Washington hadn't started 3-6 by accident. Last season, the Huskies had so little talent that Sarkisian abandoned the passing game between the hash marks because he had neither a tight end nor a fullback whom he trusted. Opposing defenses knew that Jake Locker would throw only to his wideouts. Special teams suffered from an abundance of freshmen.

"I would say, if you lined us up toe-to-toe with our opponents last year, I felt like we had the roster advantage in two games," Sarkisian said. "We started two true freshmen offensive linemen and two true freshmen defensive linemen. That right there sets the stage. We played without a tight end. From a physical perspective, we just weren't there up front. We needed a mindset."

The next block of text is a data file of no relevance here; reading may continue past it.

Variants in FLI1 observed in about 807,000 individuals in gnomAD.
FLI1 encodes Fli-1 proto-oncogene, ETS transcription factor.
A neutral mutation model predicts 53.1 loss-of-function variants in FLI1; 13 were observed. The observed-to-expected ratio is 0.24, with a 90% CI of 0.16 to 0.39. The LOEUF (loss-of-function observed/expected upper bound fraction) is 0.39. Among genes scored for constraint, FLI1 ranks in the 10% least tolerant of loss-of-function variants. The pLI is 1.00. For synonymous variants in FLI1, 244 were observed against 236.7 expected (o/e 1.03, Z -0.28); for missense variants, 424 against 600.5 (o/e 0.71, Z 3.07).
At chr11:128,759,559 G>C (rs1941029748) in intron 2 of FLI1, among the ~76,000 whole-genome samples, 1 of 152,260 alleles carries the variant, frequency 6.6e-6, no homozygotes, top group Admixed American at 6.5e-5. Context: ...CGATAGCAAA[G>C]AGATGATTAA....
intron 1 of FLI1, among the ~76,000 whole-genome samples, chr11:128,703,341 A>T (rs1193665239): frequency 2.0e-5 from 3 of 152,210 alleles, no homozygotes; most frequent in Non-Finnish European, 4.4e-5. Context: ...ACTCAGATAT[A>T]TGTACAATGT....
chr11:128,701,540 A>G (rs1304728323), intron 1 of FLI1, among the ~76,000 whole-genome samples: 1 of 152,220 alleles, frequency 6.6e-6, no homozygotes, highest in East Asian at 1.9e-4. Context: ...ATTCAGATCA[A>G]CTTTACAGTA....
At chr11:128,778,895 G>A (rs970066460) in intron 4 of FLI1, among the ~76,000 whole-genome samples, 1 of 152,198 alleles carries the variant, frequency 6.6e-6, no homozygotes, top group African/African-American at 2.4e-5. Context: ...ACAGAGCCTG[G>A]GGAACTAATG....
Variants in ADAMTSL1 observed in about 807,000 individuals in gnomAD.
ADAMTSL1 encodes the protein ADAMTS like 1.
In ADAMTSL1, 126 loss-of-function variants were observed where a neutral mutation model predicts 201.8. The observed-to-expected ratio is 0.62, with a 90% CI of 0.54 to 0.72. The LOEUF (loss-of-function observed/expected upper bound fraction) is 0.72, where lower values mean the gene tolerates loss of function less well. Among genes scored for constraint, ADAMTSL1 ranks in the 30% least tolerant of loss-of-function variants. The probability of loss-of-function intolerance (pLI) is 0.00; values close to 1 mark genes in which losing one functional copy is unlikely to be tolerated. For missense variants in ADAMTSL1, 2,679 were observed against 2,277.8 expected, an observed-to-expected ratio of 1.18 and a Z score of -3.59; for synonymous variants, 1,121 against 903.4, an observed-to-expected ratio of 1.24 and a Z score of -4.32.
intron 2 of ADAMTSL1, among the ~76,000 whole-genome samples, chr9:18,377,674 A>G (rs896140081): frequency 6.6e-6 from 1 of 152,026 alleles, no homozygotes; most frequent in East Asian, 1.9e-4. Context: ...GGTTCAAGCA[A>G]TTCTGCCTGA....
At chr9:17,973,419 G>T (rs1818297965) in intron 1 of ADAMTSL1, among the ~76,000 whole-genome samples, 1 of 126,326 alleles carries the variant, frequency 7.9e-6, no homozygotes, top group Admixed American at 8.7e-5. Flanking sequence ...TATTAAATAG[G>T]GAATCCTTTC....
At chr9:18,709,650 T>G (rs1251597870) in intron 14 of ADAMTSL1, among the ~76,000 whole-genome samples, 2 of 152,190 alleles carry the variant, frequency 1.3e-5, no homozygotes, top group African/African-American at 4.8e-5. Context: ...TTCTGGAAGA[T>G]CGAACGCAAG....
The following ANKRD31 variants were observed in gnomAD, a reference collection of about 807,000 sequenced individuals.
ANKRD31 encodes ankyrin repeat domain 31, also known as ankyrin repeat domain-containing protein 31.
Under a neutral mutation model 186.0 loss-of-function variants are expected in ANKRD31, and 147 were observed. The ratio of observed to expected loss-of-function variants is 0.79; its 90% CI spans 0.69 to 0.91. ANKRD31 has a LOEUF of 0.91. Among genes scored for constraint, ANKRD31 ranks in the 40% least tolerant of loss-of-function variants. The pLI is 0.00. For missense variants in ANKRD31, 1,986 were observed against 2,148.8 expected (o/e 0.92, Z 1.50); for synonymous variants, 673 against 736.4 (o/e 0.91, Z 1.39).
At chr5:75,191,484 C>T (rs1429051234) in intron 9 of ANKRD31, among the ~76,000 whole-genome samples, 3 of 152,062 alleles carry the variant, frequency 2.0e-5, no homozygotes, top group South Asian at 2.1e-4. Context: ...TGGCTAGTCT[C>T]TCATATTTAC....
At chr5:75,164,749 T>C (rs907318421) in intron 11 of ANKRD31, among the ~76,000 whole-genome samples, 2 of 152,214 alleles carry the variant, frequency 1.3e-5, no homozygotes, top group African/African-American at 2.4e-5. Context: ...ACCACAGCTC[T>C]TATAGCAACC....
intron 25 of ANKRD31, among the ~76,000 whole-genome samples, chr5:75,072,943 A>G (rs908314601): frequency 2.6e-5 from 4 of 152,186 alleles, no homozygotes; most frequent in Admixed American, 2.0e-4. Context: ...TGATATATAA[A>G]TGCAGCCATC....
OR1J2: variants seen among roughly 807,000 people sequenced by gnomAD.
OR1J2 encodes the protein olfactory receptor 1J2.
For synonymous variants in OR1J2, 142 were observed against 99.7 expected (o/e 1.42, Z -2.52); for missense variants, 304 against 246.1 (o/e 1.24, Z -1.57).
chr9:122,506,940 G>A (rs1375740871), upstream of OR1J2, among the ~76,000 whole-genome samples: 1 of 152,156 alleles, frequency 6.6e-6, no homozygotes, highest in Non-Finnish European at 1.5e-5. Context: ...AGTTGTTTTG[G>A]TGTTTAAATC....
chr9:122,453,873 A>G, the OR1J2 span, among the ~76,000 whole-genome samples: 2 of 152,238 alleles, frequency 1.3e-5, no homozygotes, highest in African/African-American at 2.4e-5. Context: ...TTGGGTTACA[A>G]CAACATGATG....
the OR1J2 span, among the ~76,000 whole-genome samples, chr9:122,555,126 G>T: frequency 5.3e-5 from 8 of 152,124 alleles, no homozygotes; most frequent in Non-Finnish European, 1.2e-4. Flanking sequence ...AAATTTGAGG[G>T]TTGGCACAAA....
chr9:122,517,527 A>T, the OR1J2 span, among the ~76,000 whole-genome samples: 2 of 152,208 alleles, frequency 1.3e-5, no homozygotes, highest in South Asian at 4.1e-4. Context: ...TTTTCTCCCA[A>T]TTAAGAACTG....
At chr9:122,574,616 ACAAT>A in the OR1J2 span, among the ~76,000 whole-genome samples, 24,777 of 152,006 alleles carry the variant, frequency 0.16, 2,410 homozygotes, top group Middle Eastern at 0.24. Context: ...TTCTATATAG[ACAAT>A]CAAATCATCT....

Sarkisian called a timeout and had the entire team -- offense and defense -- gather in a huddle. He explained to them why Washington wouldn't be kicking the field goal. He didn't tell them the part about not measuring up physically. Instead, Sarkisian explained to them who they were, whether they knew it or not.

"I expressed to them why we were going for it and what it represented," Sarkisian said. "More than just the score of the game, but who we are …. 'OK, this is our program. This is the way we play.' It was a very cool opportunity to get all that done in a short amount of time, and then it happened."

Washington came out in an unbalanced line. Polk went through the right side and into the end zone. The Huskies had their identity. They followed the victory with another last-minute win, this one against archrival Washington State in the Apple Cup. That one qualified them for a bowl.

"We went against the same Nebraska team three months earlier, and [this time we] were able to play toe-to-toe football with them," Sarkisian said. "And we didn't have to rely on gimmicks to play with them. We didn't run a bunch of trick plays. We didn't run a bunch of crazy blitzes to try to make things happen. We just played our game.